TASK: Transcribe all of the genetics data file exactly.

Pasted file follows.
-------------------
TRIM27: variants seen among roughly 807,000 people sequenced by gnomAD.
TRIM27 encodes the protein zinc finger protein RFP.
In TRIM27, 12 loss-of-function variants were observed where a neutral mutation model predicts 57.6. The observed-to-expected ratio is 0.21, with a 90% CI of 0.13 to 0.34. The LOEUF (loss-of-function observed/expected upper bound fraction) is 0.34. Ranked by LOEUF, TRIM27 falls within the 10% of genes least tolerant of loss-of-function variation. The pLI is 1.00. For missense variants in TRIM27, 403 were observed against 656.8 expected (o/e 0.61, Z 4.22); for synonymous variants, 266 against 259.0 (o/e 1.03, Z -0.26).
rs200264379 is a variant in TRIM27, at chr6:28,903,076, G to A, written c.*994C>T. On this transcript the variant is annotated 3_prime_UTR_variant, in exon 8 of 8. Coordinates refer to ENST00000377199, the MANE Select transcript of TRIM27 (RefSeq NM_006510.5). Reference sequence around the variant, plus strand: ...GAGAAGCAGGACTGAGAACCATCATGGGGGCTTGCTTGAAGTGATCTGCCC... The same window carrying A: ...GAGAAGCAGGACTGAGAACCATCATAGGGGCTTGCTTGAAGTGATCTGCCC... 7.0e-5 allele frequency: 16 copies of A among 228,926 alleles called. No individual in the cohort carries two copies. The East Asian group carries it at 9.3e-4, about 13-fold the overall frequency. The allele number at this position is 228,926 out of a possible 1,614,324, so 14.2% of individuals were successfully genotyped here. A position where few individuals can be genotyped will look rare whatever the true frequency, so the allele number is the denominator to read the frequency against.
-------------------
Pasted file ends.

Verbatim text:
TRIM27: variants seen among roughly 807,000 people sequenced by gnomAD.
TRIM27 encodes the protein zinc finger protein RFP.
In TRIM27, 12 loss-of-function variants were observed where a neutral mutation model predicts 57.6. The observed-to-expected ratio is 0.21, with a 90% CI of 0.13 to 0.34. The LOEUF (loss-of-function observed/expected upper bound fraction) is 0.34. Ranked by LOEUF, TRIM27 falls within the 10% of genes least tolerant of loss-of-function variation. The pLI is 1.00. For missense variants in TRIM27, 403 were observed against 656.8 expected (o/e 0.61, Z 4.22); for synonymous variants, 266 against 259.0 (o/e 1.03, Z -0.26).
rs200264379 is a variant in TRIM27, at chr6:28,903,076, G to A, written c.*994C>T. On this transcript the variant is annotated 3_prime_UTR_variant, in exon 8 of 8. Coordinates refer to ENST00000377199, the MANE Select transcript of TRIM27 (RefSeq NM_006510.5). Reference sequence around the variant, plus strand: ...GAGAAGCAGGACTGAGAACCATCATGGGGGCTTGCTTGAAGTGATCTGCCC... The same window carrying A: ...GAGAAGCAGGACTGAGAACCATCATAGGGGCTTGCTTGAAGTGATCTGCCC... 7.0e-5 allele frequency: 16 copies of A among 228,926 alleles called. No individual in the cohort carries two copies. The East Asian group carries it at 9.3e-4, about 13-fold the overall frequency. The allele number at this position is 228,926 out of a possible 1,614,324, so 14.2% of individuals were successfully genotyped here. A position where few individuals can be genotyped will look rare whatever the true frequency, so the allele number is the denominator to read the frequency against.